Colby Lewis: Texas Rangers' Last Hope for Winning the 2010 World Series

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Colby Lewis: Texas Rangers' Last Hope for Winning the 2010 World Series
Stephen Dunn/Getty Images

If the Texas Rangers are going to win the 2010 World Series, it will no longer rest with Cliff Lee (who lost the first game). Instead, it's now squarely on the shoulders of the other ace, Colby Lewis.

Assuming that the two teams were reasonably competitive, San Francisco was going to win at least Game 2 at home against C.J. Wilson in AT&T Park. The fact that the Giants also won Game 1 shows that they are VERY competitive.

Making the "competitive" assumption implies that the Rangers will win at least two out of three in Arlington. Those two games will likely be Game 3 pitched by Lewis and Game 5 pitched by Lee, both at home. Game 4, with Tommy Hunter starting, is the question mark.

If the Giants win one out of three in Texas, they will have a decided advantage, needing only to split the remaining two games and facing Wilson, whom they've already beaten in Game 6. If the Rangers win all three games at home, they'd be leading 3-2, but with the onus of playing on the road. Their situation would be like that of a backgammon player leading a "race" by four "pips" (versus an average roll of eight), but with the other player on roll.

Let's say that the tally is 3-3 at the end of six, either by the Rangers sweeping three at home and losing Game 6, or less likely, winning Game 6 after losing one at home. Then it would be Colby Lewis in Game 7 against Jonathan Sanchez with the Rangers on the road for the tiebreaker.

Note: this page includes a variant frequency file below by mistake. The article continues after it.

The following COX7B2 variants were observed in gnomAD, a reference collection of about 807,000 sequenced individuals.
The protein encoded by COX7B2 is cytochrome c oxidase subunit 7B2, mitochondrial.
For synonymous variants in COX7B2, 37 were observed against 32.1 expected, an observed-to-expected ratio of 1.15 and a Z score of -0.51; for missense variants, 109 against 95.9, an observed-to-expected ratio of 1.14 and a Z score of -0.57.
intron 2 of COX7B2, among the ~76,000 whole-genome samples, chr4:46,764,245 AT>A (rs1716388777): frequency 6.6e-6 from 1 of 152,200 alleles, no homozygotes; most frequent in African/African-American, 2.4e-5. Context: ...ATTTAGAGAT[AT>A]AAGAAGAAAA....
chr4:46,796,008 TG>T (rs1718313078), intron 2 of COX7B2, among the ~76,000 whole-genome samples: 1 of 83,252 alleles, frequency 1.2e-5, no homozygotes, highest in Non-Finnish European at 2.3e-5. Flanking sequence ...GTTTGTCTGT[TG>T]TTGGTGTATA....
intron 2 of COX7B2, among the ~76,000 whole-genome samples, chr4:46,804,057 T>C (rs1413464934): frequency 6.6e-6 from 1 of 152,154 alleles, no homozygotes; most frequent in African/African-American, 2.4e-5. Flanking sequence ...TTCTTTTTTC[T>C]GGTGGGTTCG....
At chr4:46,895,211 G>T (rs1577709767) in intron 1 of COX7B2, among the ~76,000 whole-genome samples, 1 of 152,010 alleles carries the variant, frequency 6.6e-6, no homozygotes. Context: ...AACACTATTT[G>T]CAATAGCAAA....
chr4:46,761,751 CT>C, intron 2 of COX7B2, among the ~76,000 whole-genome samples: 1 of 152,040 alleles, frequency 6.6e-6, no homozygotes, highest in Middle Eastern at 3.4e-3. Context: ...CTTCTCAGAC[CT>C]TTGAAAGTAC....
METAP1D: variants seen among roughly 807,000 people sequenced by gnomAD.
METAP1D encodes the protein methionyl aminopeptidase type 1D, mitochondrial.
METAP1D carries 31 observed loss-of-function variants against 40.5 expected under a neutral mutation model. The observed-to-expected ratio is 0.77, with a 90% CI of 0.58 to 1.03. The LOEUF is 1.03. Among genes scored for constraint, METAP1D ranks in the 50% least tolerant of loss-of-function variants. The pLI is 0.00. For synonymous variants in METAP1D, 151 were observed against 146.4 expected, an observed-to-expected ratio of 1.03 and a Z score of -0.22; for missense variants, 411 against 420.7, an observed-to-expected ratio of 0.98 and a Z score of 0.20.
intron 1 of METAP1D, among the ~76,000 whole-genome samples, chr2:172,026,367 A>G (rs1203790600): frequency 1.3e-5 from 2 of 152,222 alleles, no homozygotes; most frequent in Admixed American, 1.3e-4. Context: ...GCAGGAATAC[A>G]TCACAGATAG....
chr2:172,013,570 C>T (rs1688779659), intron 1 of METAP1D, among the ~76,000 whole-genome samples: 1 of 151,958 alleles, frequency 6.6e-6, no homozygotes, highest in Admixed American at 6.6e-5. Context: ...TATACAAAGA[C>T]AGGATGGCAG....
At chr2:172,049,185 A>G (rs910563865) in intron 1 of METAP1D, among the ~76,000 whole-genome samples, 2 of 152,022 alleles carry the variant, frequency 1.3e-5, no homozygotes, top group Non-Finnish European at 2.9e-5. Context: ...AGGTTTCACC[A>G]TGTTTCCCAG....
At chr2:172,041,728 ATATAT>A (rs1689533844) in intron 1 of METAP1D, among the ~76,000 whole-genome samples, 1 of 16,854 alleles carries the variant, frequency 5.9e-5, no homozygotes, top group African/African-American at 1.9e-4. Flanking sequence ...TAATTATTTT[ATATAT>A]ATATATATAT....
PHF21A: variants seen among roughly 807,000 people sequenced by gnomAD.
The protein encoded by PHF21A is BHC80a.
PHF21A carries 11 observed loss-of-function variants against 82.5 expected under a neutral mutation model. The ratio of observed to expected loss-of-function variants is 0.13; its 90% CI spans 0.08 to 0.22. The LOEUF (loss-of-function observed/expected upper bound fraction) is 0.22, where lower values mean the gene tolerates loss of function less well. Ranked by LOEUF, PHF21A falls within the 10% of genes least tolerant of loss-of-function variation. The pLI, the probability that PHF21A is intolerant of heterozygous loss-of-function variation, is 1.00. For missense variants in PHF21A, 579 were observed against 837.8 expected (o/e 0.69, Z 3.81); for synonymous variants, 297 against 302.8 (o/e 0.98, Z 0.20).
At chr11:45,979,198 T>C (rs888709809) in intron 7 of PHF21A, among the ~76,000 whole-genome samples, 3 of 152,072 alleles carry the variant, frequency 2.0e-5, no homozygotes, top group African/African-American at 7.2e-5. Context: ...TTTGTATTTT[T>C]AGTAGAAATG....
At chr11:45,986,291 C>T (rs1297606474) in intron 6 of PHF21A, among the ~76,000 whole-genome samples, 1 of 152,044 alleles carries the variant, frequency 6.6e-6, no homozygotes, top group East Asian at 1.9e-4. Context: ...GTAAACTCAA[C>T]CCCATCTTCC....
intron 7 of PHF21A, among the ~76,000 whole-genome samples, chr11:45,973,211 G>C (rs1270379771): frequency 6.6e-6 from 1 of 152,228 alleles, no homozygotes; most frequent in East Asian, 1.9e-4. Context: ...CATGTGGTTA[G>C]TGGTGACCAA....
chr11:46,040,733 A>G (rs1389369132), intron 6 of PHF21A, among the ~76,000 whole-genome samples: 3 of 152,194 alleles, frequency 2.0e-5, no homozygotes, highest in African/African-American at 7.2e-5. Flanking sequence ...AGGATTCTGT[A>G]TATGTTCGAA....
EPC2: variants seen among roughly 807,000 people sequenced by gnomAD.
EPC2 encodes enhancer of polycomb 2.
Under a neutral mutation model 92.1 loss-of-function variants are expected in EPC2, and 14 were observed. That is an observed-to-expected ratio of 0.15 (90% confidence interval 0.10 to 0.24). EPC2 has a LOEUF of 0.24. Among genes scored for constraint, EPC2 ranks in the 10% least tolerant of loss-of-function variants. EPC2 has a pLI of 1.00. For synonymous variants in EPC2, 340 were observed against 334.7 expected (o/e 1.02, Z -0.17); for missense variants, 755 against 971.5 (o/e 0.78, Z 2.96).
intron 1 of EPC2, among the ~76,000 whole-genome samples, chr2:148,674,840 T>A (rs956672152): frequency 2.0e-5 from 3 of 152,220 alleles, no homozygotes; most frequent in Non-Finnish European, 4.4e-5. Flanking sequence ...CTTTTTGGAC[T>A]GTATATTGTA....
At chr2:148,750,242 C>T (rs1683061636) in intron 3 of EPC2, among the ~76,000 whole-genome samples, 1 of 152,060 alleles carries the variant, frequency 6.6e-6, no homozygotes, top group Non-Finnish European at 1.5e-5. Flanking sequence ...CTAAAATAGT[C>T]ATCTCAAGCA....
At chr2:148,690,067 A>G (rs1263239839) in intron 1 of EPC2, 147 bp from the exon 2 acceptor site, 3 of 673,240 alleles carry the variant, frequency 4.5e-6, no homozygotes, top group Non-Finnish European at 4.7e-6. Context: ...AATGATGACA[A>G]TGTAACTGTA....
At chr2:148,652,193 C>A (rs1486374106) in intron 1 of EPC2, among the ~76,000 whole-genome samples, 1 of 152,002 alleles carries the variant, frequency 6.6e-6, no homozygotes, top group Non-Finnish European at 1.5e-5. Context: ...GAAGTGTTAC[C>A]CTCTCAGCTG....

Having demonstrated why it (almost) HAS to be Lewis, I will now show why it CAN be Lewis. He now has the Ranger starters' best postseason ERA, 1.45. The Giants have pitched to a 2.46 ERA in the postseason. Lewis can beat this while Lee couldn't in his meltdown in Game 1.

At age 31, Lewis is the other highly experienced starter on the roster and doesn't pitch appreciably worse on the road than at home, a sign of that experience. Having spent two years in Japan, he may also have a different experience than the average American pitcher. If anything, that could at least make him harder for batters to "read."

There are no guarantees that Lewis will pull the Rangers chestnuts out of the fire or that his team will get the World Series to Game 7 to give him the chance. However, if Lewis can't do it, no one else on the team probably will either.

 

 


 


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